I think there are a couple of reasons for this... long reply below! For those of us with GD or borderline GD, yes, low- or moderate-carb is probably much healthier. Certainly for now and likely in general. I lost 35 pounds effortlessly and kept it off by going back on a much more moderately low-carb diet when my second was 8mo.
Originally Posted by RosemaryS-F
I am noticing a trend here. Most of you who are pleased with your diets have or suspect GD. Would you say that, philosophically, low carb is a healthier, more sustaining way for people in general, or more for yourself? I am just curious. Did you used to be a carb lover before you experienced GD or Diabetes?
Us GD moms have to be SUPER conscious of what we eat. So, it really forces us into planning and tracking our food. You asked who is pleased with their diets... we sort of have to be, most of us have more than one health care practitioner reading our food and blood sugar logs, so it feels a bit as if though you have someone looking over your should and judging you every time you eat. Not a great feeling, but it definitely makes me eat better! (for example... for dinner tonight I had a large bowl of homemade sprouted-lentil/veggie soup-- no potatoes-- with some plain yogurt, 1/4 piece of whole wheat bread with butter and a fried egg and water to drink. My one-hour blood sugar was 8pts above my target. Why? Was in the 1/4-piece of bread? Are lentils a problem for me now? Was it because I didn't have a good mid-afternoon snack? I was hungry but not near any food and I ate a handful of homemade popcorn that the kids were having about an hour before dinner. could that be it? I wrote a note on my log for my midwives, and tomorrow I'll be sure to remember to bring some almonds for myself... It makes me pick apart my diet for sure. And I looked back at Sunday night's log, where I was a little high, I thought it was from some ice cream I ate but maybe it was also the lentils? See what I mean? I spend more time thinking about my food with GD than I EVER would otherwise).
I actually think that food logging would probably help anyone concerned that diet is not optimal. And if you are ravenously hungry, then that is a sign that maybe something is not balanced and a food log might help you see that. We all log our food and we are looking at carbs (and other things of course). But upping protein and fat (and I would say, unprocessed fat-- like butter, nuts/seeds and their oils, EVOO, virgin coconut oil, fatty meats and fish, full-fat dairy, etc) would be good ways to get more densely nutritious foods, kind of... more bang for your buck. Sometimes hunger comes from lack of calories, sometimes from lacking some particular nutrient or type of food, sometimes from something being out of whack. When you are pregnant you may well need more protein than you are used to eating. You are growing another person- not to mention all the things your body needs to support that person!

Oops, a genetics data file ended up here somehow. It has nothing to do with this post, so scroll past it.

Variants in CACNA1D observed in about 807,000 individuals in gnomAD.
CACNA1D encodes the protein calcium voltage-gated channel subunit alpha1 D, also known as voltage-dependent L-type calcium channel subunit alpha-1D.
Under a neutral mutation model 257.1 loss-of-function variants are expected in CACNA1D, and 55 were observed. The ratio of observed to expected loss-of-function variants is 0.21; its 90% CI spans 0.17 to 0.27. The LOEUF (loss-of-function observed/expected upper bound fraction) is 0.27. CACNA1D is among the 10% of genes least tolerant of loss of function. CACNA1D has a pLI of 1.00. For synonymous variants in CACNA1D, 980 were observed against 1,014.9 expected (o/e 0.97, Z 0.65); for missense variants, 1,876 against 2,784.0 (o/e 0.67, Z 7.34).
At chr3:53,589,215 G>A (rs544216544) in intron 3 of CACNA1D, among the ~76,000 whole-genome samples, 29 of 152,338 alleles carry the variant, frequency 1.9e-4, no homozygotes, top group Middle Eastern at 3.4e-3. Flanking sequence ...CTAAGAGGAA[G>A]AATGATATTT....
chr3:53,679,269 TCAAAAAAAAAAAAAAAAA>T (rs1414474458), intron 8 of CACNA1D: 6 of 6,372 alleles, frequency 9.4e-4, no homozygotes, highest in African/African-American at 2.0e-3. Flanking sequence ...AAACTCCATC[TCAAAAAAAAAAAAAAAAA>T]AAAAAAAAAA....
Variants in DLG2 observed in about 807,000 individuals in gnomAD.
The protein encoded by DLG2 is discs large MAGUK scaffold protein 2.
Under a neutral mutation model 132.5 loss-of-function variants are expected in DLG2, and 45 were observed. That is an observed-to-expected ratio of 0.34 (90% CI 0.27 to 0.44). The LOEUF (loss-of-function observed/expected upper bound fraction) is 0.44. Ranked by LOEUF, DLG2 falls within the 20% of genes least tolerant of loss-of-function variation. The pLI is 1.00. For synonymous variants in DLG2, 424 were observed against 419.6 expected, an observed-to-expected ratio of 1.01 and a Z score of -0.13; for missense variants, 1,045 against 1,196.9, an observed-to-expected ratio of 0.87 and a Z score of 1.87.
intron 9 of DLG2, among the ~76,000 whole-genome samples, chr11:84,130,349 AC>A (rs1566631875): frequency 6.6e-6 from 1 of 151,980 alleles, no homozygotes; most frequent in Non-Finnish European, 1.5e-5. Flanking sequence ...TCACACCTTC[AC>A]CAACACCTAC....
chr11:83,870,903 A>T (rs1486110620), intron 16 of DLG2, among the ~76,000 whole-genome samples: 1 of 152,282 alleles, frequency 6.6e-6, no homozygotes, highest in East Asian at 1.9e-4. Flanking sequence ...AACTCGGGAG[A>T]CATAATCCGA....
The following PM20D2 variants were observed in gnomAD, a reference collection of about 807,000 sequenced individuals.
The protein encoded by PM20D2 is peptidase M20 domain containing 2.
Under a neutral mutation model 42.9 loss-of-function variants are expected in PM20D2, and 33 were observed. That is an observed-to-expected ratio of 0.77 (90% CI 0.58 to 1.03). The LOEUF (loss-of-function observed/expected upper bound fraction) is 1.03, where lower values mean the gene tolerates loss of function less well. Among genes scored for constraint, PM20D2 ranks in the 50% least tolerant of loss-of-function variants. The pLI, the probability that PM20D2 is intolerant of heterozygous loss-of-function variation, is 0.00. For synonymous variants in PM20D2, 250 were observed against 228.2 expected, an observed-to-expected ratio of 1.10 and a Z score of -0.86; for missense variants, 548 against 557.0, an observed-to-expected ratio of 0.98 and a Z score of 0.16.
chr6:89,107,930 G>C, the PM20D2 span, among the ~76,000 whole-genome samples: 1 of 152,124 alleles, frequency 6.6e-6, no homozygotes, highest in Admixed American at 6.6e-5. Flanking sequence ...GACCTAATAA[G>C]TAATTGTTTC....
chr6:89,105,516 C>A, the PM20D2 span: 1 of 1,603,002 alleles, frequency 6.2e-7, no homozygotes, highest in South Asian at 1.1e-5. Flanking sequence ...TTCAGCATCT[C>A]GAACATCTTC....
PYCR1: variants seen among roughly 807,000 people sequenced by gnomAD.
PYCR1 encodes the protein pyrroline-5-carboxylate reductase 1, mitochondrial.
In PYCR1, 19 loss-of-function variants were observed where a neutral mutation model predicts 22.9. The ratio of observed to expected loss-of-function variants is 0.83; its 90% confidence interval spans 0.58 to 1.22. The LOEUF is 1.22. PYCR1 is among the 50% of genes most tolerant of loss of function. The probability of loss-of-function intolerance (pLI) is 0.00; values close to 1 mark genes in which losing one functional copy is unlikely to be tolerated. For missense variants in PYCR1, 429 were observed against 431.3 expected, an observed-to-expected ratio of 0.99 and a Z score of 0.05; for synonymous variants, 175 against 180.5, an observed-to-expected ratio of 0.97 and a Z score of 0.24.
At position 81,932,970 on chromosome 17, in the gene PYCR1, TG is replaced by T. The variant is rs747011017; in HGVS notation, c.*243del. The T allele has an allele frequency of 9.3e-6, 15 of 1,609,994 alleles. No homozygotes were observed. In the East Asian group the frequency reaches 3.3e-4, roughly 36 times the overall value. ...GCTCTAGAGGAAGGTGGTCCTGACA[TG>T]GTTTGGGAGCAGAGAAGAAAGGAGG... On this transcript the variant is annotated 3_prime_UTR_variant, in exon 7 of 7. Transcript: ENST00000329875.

I am not prepared to say that what is healthy for me is healthy for everyone. But I think that a diet which is lower carb than what many of us think of as "normal", is probably healthier. I guess I mean a diet where grains are not the staple of *every* meal. Certainly we all know that sugar and sweeteners are not optimal for us- at best they are "empty" calories, at worse they interfere with our metabolisms and sense of hunger/saiety and can be pretty addictive. I have watched my kids eat so differently when I offer fewer grains. I now mix it up for them (give them different grains at different meals), and don't offer it for every meal and snack. My kids are not fat or unhealthy in any way, this is no attempt to make them lose weight that is for sure! Its just that I see them choosing to eat more protein, more veggies, more fruits when that is what is on the table. Yesterday they had oatmeal (and eggs and fresh apricots) for breakfast, PB sandwiches (and apples and carrots) for lunch, kefir and fruit for snacks, and then, for dinner, I offered them pan-fried tofu, mashed sweet potatoes, and sauteed cabbage, with blueberries and cream for dessert. If I had put out pasta or rice (or cake for dessert), they would have eaten less of those other things. Anyway, does that make sense?
I wouldn't say I was a "carb-lover" but I definitely have a sweet tooth. I was raised eating, and have pretty much always eaten, a whole-foods based diet, mainly home-cooked, lots of veggies, fruits, etc. But I used to eat steel-cut oats for breakfast, 100% whole grain bread, brown rice, etc. with lunch and dinner. I probably had some kind of grain serving at most meals. It was a weird shift to stop eating that but man did I feel better when I got used to it. And, my sweet tooth is still there, but much less... toothy.